What are the problems with instances for polymorphic types?

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What are the problems with instances for polymorphic types?

Gábor Lehel-2
In other words instances for forall-types, such as:

    instance Foo (forall a. [a]) where ...

It feels obvious to me that there *would* be problems with this, but I'm curious about what, exactly, they are.

Could someone familiar with the matter either elaborate on them, or refer me to an existing explanation, a previous discussion, or something of the sort?

I *don't* have any kind of use case in mind, I'm merely seeking a better understanding of the type-system issues involved.

(I attempted Google, but didn't have much success.)

Thanks in advance.

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Re: What are the problems with instances for polymorphic types?

Ahn, Ki Yung
The only value that inhabits (forall a. [a]), except bottom, is the
empty list []. You can actually experiment this with ghci.


shell-prompt$ ghci -XRankNTypes
GHCi, version 7.6.3: http://www.haskell.org/ghc/  :? for help
Loading package ghc-prim ... linking ... done.
Loading package integer-gmp ... linking ... done.

Prelude> [] :: (forall a. [a])
[]

Prelude> [True] :: (forall a. [a])

<interactive>:7:2:
     Couldn't match expected type `a1' with actual type `Bool'
       `a1' is a rigid type variable bound by
            an expression type signature: [a1] at <interactive>:7:1
     In the expression: True
     In the expression: [True] :: forall a. [a]
     In an equation for `it': it = [True] :: forall a. [a]

Prelude> ['a'] :: (forall a. [a])

<interactive>:8:2:
     Couldn't match expected type `a1' with actual type `Char'
       `a1' is a rigid type variable bound by
            an expression type signature: [a1] at <interactive>:8:1
     In the expression: 'a'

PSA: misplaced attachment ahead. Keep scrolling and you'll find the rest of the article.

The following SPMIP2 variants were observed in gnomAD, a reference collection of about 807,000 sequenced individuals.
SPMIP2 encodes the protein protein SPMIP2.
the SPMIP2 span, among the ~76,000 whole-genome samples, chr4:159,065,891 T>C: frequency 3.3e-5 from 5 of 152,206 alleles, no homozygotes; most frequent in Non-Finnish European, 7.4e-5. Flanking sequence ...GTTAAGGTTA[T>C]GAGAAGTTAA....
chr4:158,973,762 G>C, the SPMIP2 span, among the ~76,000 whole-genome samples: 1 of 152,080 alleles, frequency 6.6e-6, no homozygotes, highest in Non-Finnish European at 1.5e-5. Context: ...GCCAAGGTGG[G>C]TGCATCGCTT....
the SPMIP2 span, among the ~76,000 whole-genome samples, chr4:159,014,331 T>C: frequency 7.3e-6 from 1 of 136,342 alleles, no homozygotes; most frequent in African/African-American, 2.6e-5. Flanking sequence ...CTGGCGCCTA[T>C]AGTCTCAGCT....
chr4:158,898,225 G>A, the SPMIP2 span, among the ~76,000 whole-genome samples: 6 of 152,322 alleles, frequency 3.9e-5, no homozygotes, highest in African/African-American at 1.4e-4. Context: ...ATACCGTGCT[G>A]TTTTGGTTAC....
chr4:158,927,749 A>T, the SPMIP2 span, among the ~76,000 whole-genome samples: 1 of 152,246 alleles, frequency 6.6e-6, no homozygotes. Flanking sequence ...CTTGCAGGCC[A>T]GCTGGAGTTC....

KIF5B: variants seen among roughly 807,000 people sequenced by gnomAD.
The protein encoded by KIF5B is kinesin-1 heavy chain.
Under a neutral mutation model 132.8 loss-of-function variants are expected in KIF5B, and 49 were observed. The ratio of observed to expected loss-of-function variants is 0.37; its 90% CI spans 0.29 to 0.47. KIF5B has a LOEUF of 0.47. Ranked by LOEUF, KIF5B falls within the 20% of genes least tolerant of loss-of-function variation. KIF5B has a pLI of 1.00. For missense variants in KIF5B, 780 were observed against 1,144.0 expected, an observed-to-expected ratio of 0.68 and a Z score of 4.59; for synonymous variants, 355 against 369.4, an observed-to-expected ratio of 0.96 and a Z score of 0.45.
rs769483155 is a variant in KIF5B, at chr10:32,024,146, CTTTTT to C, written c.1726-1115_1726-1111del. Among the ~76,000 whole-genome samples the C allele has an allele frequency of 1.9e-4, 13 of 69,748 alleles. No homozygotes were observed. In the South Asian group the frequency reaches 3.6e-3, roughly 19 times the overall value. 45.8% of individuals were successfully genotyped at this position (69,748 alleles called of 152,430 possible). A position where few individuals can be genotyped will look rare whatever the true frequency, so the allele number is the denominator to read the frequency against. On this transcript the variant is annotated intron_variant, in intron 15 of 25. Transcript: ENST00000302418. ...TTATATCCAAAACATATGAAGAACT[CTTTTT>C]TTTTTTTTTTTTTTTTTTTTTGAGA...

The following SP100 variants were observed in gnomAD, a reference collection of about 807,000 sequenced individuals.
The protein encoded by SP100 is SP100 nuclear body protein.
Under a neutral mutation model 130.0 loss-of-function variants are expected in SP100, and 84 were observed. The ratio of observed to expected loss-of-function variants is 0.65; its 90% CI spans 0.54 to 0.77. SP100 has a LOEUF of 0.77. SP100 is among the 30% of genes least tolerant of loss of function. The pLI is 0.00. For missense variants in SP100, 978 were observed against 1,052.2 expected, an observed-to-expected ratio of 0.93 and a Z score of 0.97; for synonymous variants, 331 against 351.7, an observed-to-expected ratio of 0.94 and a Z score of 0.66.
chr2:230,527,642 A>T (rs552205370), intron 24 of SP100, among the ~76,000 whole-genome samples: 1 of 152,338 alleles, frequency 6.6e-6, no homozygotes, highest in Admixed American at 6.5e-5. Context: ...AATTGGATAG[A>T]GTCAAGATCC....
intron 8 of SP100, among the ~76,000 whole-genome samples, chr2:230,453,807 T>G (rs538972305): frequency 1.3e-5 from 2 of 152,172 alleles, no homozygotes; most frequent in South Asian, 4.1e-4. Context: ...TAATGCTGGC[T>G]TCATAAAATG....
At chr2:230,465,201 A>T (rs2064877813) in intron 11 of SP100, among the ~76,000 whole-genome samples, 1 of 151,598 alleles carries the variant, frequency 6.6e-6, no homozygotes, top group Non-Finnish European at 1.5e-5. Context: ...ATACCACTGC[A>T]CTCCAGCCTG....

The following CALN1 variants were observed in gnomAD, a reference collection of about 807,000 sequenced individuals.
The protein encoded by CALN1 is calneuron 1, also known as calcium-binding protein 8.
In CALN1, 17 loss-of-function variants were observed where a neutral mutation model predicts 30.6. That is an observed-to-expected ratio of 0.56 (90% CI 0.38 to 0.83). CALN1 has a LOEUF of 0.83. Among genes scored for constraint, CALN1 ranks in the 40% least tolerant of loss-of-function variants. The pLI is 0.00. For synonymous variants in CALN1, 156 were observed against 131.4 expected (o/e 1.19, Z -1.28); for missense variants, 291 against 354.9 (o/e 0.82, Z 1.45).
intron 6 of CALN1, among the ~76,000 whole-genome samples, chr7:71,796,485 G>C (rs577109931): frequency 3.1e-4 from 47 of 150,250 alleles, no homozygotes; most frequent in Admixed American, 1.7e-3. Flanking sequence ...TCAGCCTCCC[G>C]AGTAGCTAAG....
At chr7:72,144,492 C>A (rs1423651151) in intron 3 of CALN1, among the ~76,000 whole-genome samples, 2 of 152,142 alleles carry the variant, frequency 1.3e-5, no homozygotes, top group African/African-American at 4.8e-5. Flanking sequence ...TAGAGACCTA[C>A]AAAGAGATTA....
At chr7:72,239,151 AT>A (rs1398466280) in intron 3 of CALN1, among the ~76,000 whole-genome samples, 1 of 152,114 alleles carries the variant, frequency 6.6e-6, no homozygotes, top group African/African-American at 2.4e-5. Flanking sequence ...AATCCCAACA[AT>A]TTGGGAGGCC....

In the expression: ['a'] :: forall a. [a]
     In an equation for `it': it = ['a'] :: forall a. [a]

Prelude> [\x -> x] :: (forall a. [a])

<interactive>:9:2:
     Couldn't match expected type `a1' with actual type `t0 -> t0'
       `a1' is a rigid type variable bound by
            an expression type signature: [a1] at <interactive>:9:1
     The lambda expression `\ x -> x' has one argument,
     but its type `a1' has none
     In the expression: \ x -> x
     In the expression: [\ x -> x] :: forall a. [a]



2014년 06월 15일 12:47, Gábor Lehel 쓴 글:

> In other words instances for forall-types, such as:
>
>      instance Foo (forall a. [a]) where ...
>
> It feels obvious to me that there *would* be problems with this, but I'm
> curious about what, exactly, they are.
>
> Could someone familiar with the matter either elaborate on them, or
> refer me to an existing explanation, a previous discussion, or something
> of the sort?
>
> I *don't* have any kind of use case in mind, I'm merely seeking a better
> understanding of the type-system issues involved.
>
> (I attempted Google, but didn't have much success.)
>
> Thanks in advance.


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Re: What are the problems with instances for polymorphic types?

Niklas Haas
In reply to this post by Gábor Lehel-2
On Sun, 15 Jun 2014 21:47:52 +0200, Gábor Lehel <[hidden email]> wrote:

> In other words instances for forall-types, such as:
>
>     instance Foo (forall a. [a]) where ...
>
> It feels obvious to me that there *would* be problems with this, but I'm
> curious about what, exactly, they are.
>
> Could someone familiar with the matter either elaborate on them, or refer
> me to an existing explanation, a previous discussion, or something of the
> sort?
>
> I *don't* have any kind of use case in mind, I'm merely seeking a better
> understanding of the type-system issues involved.
>
> (I attempted Google, but didn't have much success.)
>
> Thanks in advance.

It seems to me that it may be possible to get more information about
this by searching for issues related to ImpredicativeTypes, which seem
to be similar. (In fact, one could simulate instances like these by
implementing type classes using ImplicitParams + ImpredicativeTypes +
explicit instance records)
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Re: What are the problems with instances for polymorphic types?

Adam Gundry-2
On 16/06/14 11:14, Niklas Haas wrote:

> On Sun, 15 Jun 2014 21:47:52 +0200, Gábor Lehel <[hidden email]> wrote:
>> In other words instances for forall-types, such as:
>>
>>     instance Foo (forall a. [a]) where ...
>>
>> It feels obvious to me that there *would* be problems with this, but I'm
>> curious about what, exactly, they are.
>>
>> Could someone familiar with the matter either elaborate on them, or refer
>> me to an existing explanation, a previous discussion, or something of the